Some studies have been done on this diet, and in particular one study found that adults following the type A diet showed improved health markers, but this is true for every participant of the study, which are also on the other type diets. In 2013 however, a major review concluded that there was not enough evidence to support benefits of blood type diets. This can be easily explained by the fact that this diet does not take into account the specific health needs of the individuals. For example, people with high blood pressure or cardiovascular diseases might not do well on a high protein diet. Same issue for people with diabetes, they might experience some problems as this diet cuts out a lot of food groups. Overall, it is likely that you lose weight as the diet can be very restrictive. As a rule on The Blood Type Diet, you’ll certainly avoid processed food and simple carbs. That may be already enough to help you lose some weight. But any weight loss on this diet has not been linked specifically to your blood type. Moreover, there’s also no research proving that this diet can aid in digestion or give you more energy. On top of that, this type of diet may quickly become expensive too, since D’Adamo recommends eating organic food as well as using his own line of food supplements.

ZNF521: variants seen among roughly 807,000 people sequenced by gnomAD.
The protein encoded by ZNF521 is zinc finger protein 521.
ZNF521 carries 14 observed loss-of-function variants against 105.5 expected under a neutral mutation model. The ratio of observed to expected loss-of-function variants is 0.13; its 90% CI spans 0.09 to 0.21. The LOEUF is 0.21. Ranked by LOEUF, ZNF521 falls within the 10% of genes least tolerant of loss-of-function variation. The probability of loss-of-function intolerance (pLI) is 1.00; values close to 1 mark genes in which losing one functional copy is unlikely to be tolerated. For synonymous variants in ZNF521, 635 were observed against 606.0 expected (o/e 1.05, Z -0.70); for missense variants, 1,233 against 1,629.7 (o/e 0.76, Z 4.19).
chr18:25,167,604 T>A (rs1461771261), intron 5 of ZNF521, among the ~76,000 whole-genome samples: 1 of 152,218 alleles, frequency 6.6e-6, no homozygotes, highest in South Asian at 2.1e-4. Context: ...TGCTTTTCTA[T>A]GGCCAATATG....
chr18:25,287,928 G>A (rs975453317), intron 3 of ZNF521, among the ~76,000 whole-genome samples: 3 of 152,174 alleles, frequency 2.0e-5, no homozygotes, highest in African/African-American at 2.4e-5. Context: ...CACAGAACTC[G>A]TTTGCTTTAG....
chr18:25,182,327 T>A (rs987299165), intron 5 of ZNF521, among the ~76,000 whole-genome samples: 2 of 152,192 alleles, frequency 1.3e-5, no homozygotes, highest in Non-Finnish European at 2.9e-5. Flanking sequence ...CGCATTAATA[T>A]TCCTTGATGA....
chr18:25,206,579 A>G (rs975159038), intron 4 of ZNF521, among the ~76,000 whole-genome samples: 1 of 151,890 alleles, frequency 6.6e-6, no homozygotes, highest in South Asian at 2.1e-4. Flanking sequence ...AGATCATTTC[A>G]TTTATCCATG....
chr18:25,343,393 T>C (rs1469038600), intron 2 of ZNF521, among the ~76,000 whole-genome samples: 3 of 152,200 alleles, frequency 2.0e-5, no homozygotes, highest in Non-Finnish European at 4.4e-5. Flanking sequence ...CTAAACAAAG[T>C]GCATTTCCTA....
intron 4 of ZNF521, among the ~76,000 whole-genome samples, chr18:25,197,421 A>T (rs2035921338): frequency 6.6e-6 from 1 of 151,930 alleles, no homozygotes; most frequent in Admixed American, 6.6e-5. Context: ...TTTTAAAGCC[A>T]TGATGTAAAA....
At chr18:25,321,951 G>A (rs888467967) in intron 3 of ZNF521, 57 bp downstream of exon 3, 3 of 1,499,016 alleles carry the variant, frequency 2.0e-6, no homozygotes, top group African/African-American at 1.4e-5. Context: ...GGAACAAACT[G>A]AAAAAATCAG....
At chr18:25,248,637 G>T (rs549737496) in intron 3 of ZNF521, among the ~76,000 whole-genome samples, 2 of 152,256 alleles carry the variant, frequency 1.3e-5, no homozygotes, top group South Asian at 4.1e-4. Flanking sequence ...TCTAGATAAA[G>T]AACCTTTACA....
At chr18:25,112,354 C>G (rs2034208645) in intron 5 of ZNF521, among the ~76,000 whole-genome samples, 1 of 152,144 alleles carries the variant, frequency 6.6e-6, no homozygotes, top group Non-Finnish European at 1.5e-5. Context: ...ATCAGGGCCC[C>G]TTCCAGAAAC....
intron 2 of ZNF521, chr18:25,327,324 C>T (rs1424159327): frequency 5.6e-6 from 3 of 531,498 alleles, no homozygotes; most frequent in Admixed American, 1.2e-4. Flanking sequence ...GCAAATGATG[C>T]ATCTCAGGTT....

FODMAP Diet

This type of diet is based on the elimination (temporarily) of foods containing FODMAP. FODMAP stands for Fermentable Oligosaccharides, Disaccharides, Monosaccharides, and Polyols, which are short chain carbohydrates and sugar alcohols that are not absorbed well by the body, resulting, in some people, in abdominal pain and bloating. They ferment in the large intestine during digestion, drawing in water and producing hydrogen, carbon dioxide, and methane gas which causes the intestine to expand. This causes gastrointestinal symptoms such as bloating and pain that are common in disorders like Irritable Bowel Syndrome (IBS). FODMAP occurs naturally in some foods and in others as additives. They include fructose (present in fruits and vegetables), fructans (it is like fructose, found in some vegetables and grains), lactose (dairy), galactans (found in legumes), and polyols (artificial sweeteners).